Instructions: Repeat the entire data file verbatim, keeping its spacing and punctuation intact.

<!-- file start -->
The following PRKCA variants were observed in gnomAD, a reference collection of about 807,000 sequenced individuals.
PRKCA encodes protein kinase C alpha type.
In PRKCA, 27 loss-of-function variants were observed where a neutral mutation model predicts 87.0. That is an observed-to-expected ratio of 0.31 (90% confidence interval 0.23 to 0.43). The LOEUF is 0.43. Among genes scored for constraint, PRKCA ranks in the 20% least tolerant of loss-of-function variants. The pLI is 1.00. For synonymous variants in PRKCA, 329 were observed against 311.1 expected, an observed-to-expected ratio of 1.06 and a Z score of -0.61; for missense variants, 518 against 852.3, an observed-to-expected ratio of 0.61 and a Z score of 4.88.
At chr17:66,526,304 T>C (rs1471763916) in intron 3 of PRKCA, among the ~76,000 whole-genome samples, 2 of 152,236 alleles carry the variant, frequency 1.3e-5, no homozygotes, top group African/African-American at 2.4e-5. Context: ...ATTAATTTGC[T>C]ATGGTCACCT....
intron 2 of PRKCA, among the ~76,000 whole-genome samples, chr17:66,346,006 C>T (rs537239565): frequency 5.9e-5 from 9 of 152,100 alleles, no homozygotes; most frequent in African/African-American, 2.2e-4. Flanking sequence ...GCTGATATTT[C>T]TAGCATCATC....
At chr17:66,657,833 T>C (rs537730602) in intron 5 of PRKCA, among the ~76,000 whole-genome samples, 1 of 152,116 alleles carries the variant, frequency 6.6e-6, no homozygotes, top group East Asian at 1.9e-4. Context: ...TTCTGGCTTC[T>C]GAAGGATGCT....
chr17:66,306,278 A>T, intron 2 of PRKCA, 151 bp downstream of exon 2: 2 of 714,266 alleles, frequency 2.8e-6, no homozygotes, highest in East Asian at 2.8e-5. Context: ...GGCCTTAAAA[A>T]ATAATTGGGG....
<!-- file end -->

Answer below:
The following PRKCA variants were observed in gnomAD, a reference collection of about 807,000 sequenced individuals.
PRKCA encodes protein kinase C alpha type.
In PRKCA, 27 loss-of-function variants were observed where a neutral mutation model predicts 87.0. That is an observed-to-expected ratio of 0.31 (90% confidence interval 0.23 to 0.43). The LOEUF is 0.43. Among genes scored for constraint, PRKCA ranks in the 20% least tolerant of loss-of-function variants. The pLI is 1.00. For synonymous variants in PRKCA, 329 were observed against 311.1 expected, an observed-to-expected ratio of 1.06 and a Z score of -0.61; for missense variants, 518 against 852.3, an observed-to-expected ratio of 0.61 and a Z score of 4.88.
At chr17:66,526,304 T>C (rs1471763916) in intron 3 of PRKCA, among the ~76,000 whole-genome samples, 2 of 152,236 alleles carry the variant, frequency 1.3e-5, no homozygotes, top group African/African-American at 2.4e-5. Context: ...ATTAATTTGC[T>C]ATGGTCACCT....
intron 2 of PRKCA, among the ~76,000 whole-genome samples, chr17:66,346,006 C>T (rs537239565): frequency 5.9e-5 from 9 of 152,100 alleles, no homozygotes; most frequent in African/African-American, 2.2e-4. Flanking sequence ...GCTGATATTT[C>T]TAGCATCATC....
At chr17:66,657,833 T>C (rs537730602) in intron 5 of PRKCA, among the ~76,000 whole-genome samples, 1 of 152,116 alleles carries the variant, frequency 6.6e-6, no homozygotes, top group East Asian at 1.9e-4. Context: ...TTCTGGCTTC[T>C]GAAGGATGCT....
chr17:66,306,278 A>T, intron 2 of PRKCA, 151 bp downstream of exon 2: 2 of 714,266 alleles, frequency 2.8e-6, no homozygotes, highest in East Asian at 2.8e-5. Context: ...GGCCTTAAAA[A>T]ATAATTGGGG....